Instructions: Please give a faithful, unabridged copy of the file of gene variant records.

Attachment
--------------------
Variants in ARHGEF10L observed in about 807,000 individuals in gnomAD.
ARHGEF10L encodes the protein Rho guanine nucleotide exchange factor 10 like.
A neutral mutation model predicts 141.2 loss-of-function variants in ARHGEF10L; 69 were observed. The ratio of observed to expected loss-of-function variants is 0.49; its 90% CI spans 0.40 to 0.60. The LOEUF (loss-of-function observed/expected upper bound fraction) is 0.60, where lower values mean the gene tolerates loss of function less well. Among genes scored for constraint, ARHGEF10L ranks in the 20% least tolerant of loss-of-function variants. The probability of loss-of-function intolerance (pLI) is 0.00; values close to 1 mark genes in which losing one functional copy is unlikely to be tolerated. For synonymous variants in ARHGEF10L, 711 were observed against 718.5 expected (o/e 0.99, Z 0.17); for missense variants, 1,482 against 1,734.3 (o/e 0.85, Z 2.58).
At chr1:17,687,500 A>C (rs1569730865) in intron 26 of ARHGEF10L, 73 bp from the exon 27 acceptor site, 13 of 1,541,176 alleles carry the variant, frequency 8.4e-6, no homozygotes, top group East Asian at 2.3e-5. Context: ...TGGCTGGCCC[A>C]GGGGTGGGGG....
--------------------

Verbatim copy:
Variants in ARHGEF10L observed in about 807,000 individuals in gnomAD.
ARHGEF10L encodes the protein Rho guanine nucleotide exchange factor 10 like.
A neutral mutation model predicts 141.2 loss-of-function variants in ARHGEF10L; 69 were observed. The ratio of observed to expected loss-of-function variants is 0.49; its 90% CI spans 0.40 to 0.60. The LOEUF (loss-of-function observed/expected upper bound fraction) is 0.60, where lower values mean the gene tolerates loss of function less well. Among genes scored for constraint, ARHGEF10L ranks in the 20% least tolerant of loss-of-function variants. The probability of loss-of-function intolerance (pLI) is 0.00; values close to 1 mark genes in which losing one functional copy is unlikely to be tolerated. For synonymous variants in ARHGEF10L, 711 were observed against 718.5 expected (o/e 0.99, Z 0.17); for missense variants, 1,482 against 1,734.3 (o/e 0.85, Z 2.58).
At chr1:17,687,500 A>C (rs1569730865) in intron 26 of ARHGEF10L, 73 bp from the exon 27 acceptor site, 13 of 1,541,176 alleles carry the variant, frequency 8.4e-6, no homozygotes, top group East Asian at 2.3e-5. Context: ...TGGCTGGCCC[A>C]GGGGTGGGGG....